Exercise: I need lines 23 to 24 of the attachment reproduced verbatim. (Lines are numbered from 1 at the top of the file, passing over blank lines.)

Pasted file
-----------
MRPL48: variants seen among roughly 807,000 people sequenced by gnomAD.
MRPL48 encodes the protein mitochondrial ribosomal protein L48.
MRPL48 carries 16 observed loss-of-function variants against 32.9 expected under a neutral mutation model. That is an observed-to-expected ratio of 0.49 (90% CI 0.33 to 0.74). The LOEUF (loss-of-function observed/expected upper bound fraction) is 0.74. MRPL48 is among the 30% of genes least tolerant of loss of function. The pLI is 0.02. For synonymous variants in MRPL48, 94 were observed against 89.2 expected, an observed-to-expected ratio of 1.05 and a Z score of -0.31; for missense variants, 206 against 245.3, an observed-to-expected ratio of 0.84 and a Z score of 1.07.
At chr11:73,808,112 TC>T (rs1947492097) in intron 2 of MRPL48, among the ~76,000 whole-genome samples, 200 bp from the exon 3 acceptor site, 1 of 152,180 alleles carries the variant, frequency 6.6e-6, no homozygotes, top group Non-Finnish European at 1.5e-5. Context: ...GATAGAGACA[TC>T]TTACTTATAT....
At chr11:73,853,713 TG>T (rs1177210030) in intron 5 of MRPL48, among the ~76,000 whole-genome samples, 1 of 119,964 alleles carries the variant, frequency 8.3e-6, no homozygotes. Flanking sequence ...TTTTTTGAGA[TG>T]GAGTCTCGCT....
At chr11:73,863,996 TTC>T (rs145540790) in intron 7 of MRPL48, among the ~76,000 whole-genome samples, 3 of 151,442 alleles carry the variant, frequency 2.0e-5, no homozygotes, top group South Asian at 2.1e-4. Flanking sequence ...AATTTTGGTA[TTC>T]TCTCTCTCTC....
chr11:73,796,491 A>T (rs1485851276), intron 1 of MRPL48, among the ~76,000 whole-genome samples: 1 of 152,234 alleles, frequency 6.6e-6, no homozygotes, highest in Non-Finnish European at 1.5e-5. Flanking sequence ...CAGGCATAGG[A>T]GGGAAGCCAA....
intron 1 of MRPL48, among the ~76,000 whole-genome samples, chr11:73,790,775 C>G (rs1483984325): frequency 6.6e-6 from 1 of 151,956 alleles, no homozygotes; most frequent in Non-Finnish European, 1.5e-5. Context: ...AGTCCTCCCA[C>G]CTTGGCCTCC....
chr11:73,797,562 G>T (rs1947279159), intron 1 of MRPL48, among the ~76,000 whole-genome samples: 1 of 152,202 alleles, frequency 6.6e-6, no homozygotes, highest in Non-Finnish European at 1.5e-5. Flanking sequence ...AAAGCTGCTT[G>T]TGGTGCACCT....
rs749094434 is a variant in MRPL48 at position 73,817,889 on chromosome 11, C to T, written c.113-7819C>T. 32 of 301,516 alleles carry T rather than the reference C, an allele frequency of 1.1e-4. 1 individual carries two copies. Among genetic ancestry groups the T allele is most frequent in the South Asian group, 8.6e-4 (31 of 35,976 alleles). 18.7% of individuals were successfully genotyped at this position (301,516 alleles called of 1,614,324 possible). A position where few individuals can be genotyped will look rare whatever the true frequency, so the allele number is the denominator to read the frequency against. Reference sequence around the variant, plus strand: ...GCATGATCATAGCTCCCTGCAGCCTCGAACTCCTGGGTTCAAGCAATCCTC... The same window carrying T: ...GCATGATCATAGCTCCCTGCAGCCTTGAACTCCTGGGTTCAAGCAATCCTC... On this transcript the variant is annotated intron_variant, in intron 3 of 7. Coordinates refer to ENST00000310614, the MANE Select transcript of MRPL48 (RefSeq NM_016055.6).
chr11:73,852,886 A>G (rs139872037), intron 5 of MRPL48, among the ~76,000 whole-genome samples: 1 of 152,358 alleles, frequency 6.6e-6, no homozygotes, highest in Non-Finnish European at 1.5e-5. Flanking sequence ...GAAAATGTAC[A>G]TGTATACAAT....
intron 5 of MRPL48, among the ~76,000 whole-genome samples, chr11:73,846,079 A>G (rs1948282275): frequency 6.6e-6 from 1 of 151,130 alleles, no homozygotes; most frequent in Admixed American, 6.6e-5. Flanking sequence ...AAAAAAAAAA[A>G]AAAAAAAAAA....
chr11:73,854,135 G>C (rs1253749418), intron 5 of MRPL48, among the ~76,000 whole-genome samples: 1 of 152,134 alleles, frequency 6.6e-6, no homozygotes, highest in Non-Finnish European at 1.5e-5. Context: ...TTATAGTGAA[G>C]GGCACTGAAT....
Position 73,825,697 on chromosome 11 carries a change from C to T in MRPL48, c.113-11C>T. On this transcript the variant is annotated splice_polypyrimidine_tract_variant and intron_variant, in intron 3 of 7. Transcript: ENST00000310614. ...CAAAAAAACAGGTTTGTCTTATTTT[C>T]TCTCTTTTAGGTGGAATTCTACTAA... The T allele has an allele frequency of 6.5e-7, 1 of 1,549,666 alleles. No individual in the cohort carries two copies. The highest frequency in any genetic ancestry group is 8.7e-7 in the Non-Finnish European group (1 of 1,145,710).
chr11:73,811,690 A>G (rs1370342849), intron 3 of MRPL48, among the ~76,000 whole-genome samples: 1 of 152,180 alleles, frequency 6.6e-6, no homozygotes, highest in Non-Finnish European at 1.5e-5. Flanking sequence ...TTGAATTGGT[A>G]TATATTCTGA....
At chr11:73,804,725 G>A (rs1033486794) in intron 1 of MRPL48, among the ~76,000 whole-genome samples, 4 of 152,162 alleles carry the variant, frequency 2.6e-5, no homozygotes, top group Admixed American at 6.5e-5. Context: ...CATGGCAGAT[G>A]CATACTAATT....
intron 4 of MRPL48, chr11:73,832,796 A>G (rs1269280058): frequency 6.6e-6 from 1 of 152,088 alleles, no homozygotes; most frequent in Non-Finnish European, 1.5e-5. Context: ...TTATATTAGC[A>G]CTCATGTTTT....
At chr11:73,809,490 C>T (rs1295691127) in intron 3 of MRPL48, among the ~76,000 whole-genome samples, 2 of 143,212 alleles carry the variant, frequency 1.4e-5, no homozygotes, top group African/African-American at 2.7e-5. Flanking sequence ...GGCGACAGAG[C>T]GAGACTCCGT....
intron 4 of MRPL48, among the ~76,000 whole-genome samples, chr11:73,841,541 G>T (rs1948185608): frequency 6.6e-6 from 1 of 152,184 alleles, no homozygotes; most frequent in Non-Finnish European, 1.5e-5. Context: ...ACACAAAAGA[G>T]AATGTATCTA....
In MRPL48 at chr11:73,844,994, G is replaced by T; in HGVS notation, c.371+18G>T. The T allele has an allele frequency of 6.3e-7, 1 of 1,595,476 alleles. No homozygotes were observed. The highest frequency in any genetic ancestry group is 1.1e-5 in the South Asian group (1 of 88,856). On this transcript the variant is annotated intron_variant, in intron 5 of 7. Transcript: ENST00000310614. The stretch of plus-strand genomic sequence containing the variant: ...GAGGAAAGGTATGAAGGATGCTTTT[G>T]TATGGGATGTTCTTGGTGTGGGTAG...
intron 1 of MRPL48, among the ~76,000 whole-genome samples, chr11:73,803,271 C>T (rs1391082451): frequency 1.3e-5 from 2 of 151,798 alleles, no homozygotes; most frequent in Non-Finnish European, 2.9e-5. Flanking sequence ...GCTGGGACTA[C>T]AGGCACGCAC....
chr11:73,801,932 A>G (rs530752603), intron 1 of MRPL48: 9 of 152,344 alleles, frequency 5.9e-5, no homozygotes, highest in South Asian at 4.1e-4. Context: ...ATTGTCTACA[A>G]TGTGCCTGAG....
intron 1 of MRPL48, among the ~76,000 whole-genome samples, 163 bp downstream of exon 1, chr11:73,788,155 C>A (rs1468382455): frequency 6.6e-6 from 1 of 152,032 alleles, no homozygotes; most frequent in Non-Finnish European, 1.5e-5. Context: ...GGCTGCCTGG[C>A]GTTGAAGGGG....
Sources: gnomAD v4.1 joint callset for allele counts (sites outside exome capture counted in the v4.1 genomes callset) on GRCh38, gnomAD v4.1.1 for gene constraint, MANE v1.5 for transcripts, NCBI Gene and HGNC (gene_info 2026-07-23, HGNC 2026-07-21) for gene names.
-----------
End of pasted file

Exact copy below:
intron 1 of MRPL48, among the ~76,000 whole-genome samples, 163 bp downstream of exon 1, chr11:73,788,155 C>A (rs1468382455): frequency 6.6e-6 from 1 of 152,032 alleles, no homozygotes; most frequent in Non-Finnish European, 1.5e-5. Context: ...GGCTGCCTGG[C>A]GTTGAAGGGG....
Sources: gnomAD v4.1 joint callset for allele counts (sites outside exome capture counted in the v4.1 genomes callset) on GRCh38, gnomAD v4.1.1 for gene constraint, MANE v1.5 for transcripts, NCBI Gene and HGNC (gene_info 2026-07-23, HGNC 2026-07-21) for gene names.